From our review of the record, it is evident that Thompson has completed the actions specified in the trial court=s order. As noted above, the trial court ordered Thompson to Atake all actions necessary to release any and all liens on the Property on or before January 31, 2007.@ There were two liens on the PropertyCone in the amount of $15,000, and a second in the amount of $10,000Cboth granted to Kubosh Bail Bonds, and a notice of lis pendens filed by Koestens. Thompson himself prepared releases for both liens and for the notice of lis pendens; the release for the notice of lis pendens was executed by Koestens on December 28, 2006, and the release for the $15,000 lien was executed by Paul A. Kubosh, on behalf of Kubosh Bail Bonds, on January 23, 2007. And, on February 1, 2007, Thompson submitted to the Harris County Clerk the releases that had been executed by Koestens and Kubosh, along with the required filing fee.
The record further reveals that Kubosh executed a release for the $10,000 lien on June 15, 2007. Furthermore, on July 25, 2007, appellees filed in the trial court a ANotice of Sale Of Real Property Subject Of Lawsuit,@ in which they notified the trial court that (1) the Property had been sold to a disinterested third party; and (2) the Property was free from liens at the time of sale. Therefore, because the trial court=s sanctions order required Thompson to take all necessary actions to release any and all liens on the Property, and because the Property was sold to a disinterested third partyCand was free from liens at the time of saleCthe record indicates that Thompson has completed the actions specified in the trial court=s order. His appeal is therefore moot. Accordingly, without reference to the merits, we vacate that portion of the trial court=s order requiring Thompson to Atake all actions necessary to release any and all liens on the Property on or before January 31, 2007,@ and we dismiss the motion for sanctions as to Thompson.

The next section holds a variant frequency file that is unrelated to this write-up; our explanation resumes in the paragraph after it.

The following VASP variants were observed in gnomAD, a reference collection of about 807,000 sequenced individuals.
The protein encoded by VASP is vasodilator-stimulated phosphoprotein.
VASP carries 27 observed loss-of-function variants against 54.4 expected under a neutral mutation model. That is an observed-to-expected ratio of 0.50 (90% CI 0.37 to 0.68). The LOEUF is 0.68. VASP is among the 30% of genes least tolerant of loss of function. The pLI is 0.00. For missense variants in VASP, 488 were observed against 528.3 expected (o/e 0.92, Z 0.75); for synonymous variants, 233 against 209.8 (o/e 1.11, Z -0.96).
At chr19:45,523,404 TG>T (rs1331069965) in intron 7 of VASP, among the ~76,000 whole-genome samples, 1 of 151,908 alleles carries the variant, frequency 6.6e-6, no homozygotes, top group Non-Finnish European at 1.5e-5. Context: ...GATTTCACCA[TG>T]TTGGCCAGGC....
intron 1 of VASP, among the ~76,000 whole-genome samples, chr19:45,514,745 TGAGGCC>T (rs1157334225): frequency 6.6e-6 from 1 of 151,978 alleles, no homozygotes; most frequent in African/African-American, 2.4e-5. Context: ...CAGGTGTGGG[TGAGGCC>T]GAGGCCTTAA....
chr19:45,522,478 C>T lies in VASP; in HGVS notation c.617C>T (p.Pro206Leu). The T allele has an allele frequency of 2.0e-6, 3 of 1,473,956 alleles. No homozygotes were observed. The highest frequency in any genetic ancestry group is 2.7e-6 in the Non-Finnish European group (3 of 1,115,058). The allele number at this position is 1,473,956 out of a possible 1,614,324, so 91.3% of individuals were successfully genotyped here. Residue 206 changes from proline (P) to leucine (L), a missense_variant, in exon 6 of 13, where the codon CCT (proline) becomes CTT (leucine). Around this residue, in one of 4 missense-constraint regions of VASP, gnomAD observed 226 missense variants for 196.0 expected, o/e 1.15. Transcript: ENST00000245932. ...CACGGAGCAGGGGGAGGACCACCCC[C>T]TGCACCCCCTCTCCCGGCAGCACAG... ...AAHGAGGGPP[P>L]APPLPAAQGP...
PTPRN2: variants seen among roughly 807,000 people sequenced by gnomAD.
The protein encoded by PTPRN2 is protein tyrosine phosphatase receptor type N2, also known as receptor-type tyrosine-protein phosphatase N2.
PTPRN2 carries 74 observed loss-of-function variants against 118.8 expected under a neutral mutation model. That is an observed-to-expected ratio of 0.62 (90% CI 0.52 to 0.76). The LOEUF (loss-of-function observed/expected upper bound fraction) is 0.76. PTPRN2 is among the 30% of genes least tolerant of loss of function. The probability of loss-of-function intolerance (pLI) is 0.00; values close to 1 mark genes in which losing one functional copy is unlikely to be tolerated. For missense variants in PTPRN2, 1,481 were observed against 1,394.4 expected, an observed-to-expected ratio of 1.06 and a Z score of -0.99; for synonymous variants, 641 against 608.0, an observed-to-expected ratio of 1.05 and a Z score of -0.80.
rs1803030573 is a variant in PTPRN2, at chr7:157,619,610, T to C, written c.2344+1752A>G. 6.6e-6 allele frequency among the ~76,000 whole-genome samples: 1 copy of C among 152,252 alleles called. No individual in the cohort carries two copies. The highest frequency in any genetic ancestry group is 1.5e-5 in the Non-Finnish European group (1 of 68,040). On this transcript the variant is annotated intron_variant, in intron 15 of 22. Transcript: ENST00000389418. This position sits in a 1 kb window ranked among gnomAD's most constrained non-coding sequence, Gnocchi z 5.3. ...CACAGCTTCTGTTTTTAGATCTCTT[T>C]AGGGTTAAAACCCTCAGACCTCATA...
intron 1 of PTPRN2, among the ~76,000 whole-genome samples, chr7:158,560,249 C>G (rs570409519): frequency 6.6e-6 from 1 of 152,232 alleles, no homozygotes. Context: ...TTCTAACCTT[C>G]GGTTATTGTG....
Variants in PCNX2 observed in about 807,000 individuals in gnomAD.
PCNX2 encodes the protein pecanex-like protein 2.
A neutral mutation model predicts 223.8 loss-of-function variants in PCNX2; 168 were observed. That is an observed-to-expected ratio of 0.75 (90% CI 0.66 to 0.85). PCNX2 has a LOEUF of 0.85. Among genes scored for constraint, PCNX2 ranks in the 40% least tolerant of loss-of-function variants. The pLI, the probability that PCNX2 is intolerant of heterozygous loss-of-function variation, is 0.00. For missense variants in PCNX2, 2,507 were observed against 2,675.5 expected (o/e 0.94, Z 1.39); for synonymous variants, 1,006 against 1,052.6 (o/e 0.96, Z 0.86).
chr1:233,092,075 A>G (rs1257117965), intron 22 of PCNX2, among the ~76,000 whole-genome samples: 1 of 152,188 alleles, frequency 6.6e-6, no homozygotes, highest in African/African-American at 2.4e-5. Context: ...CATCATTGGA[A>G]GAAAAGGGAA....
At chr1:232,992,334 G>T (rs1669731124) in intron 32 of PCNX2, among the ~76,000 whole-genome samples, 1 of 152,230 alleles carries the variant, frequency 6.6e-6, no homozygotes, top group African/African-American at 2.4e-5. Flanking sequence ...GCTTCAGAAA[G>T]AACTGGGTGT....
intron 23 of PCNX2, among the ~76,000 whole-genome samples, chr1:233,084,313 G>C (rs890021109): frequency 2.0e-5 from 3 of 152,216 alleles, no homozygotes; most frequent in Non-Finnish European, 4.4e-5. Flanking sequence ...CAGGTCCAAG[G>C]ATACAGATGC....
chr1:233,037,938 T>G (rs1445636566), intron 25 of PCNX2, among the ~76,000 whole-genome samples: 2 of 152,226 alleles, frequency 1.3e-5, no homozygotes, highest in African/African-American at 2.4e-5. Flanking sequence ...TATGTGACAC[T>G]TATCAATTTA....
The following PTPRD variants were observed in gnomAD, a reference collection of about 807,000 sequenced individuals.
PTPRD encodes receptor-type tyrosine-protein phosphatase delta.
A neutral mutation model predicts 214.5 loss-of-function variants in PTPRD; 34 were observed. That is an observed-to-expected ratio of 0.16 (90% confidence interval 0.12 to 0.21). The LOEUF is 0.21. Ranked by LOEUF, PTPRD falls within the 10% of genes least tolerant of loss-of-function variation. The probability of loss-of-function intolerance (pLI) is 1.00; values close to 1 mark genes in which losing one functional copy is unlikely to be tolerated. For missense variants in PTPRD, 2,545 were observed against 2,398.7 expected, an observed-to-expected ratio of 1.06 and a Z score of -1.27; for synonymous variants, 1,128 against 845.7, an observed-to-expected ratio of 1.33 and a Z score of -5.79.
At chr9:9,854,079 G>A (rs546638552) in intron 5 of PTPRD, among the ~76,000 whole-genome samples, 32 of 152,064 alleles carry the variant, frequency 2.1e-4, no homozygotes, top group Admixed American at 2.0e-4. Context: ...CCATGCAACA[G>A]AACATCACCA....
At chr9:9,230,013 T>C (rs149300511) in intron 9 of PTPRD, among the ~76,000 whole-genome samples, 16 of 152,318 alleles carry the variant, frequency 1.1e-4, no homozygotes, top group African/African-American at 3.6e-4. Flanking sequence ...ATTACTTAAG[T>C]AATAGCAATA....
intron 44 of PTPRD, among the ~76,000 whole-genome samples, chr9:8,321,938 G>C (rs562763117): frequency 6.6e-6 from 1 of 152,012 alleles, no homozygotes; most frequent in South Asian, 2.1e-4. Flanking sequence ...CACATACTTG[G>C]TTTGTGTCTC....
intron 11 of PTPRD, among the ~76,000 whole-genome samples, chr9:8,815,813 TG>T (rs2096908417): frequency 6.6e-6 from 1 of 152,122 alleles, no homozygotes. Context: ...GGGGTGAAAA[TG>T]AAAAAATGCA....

Because we find that Thompson has completed the actions specified in the trial court=s order imposing sanctions under Rule 13, we conclude that his appeal is moot. Therefore, without reference to the merits, we vacate that portion of the trial court=s order requiring Thompson to Atake all actions necessary to release any and all liens on the Property on or before January 31, 2007,@ and dismiss the motion for sanctions as it relates to Thompson.